Surveillance state

In a slightly bizarre move it seems that border control at our airports and ports have access to information on people involved in the Olympics – even torch bearers. When Bryony Gordon was stopped on entry to the UK she was questioned on what she was doing at the Olympics – who knows why – because the person checking her could see that she is going to be a torch bearer.

All of this security clampdown is really just the last straw. I have already written about how the Olympics are full of corruption, taken over by corporate involvement, hugely expensive (Possibly as much as £24 billion in reality) and has many more problems. See my previous blog post, Olympic Opulence: Bread and circuses without the bread. Even the BBC published an article with 10 reasons some people will dread the Olympics which I recommend that you read.

I wouldn’t object to an Olympic games that focussed on the sport and the athletes. These Olympic games, though, are an expensive, corrupt, authoritarian farce. Are you sure that they are worth the price?

 

Author: Latentexistence

The world is broken and I can't fix it because I am broken. I can, however, rant about it all and this is where I do that when I can get my thoughts together. Most of the time you'll find my words on Twitter rather than here though. I sometimes write for Where's The Benefit too.

9 thoughts on “Olympic threat to freedom and liberty”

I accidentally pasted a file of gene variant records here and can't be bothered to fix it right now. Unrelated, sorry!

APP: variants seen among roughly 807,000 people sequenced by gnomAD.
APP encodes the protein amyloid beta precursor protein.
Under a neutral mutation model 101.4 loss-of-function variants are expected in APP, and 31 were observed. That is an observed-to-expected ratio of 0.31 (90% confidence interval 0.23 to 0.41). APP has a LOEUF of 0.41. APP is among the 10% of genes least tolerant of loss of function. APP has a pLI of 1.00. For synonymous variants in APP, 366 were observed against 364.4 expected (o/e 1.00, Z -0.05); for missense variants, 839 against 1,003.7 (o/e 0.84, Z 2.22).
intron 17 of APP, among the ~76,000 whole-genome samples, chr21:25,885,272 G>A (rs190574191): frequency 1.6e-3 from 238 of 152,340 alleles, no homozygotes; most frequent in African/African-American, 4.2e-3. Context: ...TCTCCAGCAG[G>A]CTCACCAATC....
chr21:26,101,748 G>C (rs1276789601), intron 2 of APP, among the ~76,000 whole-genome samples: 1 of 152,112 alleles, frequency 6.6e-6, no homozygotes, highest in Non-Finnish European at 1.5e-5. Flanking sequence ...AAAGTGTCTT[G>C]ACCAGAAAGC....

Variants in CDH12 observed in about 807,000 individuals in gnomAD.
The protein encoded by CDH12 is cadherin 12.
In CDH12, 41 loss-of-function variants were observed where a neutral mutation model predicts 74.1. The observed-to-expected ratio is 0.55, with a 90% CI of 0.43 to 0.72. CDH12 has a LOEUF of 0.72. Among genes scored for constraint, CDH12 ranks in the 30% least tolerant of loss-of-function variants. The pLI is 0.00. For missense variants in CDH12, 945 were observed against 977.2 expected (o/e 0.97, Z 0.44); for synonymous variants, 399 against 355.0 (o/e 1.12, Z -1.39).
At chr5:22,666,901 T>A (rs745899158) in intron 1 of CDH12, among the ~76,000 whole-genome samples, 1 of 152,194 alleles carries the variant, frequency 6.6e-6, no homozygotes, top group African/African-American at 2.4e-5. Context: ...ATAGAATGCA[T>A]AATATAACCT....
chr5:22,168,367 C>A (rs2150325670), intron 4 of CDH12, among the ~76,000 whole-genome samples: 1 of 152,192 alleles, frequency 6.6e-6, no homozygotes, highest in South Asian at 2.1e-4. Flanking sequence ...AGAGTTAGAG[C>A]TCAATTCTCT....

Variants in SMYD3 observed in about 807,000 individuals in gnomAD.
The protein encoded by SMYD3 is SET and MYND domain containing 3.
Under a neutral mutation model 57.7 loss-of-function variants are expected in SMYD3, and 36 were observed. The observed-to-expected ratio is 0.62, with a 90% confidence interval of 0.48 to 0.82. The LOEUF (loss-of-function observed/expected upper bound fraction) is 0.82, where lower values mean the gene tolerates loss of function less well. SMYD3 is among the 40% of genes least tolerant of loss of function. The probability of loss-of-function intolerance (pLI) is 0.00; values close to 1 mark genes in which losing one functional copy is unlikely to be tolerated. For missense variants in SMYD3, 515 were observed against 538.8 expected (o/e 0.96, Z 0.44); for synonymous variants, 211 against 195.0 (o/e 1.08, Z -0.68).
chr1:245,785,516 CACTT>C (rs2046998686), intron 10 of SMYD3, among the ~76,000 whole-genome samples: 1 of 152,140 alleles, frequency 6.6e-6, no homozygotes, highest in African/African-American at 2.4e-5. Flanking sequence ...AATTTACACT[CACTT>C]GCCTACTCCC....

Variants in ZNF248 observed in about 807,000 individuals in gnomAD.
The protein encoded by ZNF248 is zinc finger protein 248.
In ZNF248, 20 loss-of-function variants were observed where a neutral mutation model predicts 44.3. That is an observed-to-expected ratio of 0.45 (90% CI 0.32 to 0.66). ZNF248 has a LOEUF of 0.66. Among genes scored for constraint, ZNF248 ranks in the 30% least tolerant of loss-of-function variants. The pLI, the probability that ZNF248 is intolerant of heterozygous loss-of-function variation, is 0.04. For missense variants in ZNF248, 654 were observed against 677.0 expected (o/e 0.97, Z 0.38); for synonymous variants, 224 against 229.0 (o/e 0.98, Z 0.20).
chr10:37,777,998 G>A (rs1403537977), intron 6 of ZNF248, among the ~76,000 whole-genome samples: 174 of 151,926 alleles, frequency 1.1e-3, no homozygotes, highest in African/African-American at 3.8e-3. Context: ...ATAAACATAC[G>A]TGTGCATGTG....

1. Are those really police watchtowers or are they some new-fangled type of portaloo? They had better label them clearly to avoid accidents by short-sighted people getting caught short…

  2. While I agree that there is something very chilling about the attitude being taken towards protest, particularly given the legitimate concerns over the association of DOW and ATOS with the Olympics and Paralympics respectively, the latter in particular being a real kick in the teeth to British disabled people, we do need to recognise that there absolutely needs to be a huge security operation given the level of terrorist threat. Marines, warships, SAMs, SAS are all needed irrespective of protest, and linking the two weakens the case that there is something very un-British in the current government rhetoric against protest.

    1. I’m afraid I disagree with you. The “terrorist threat” has been massively overblown to keep people afraid and in their place. Governments implement useless security theatre which makes people feel like something is being done and that they should trust the government and fear some vague notion of terrorism. I strongly resent such security theatre as a massive imposition on my freedom – that’s why I won’t fly anymore. I absolutely link the military involvement and the weaponry with the suppression of protest, it is all part of the same clampdown on dissent.

  3. Since Trenton Oldfield’s actions at the Boat Race yesterday, this sort of action from the Government to silence anti-Government “anti-capitalist extremist” protest and strike action during (and after) the Olympics can only be strengthened. The first thing the Government will do is make an example of Oldfield and give him a substantial sentence to set an example and send a clear warning shot to others. I just hope we don’t see sedition laws brought back in.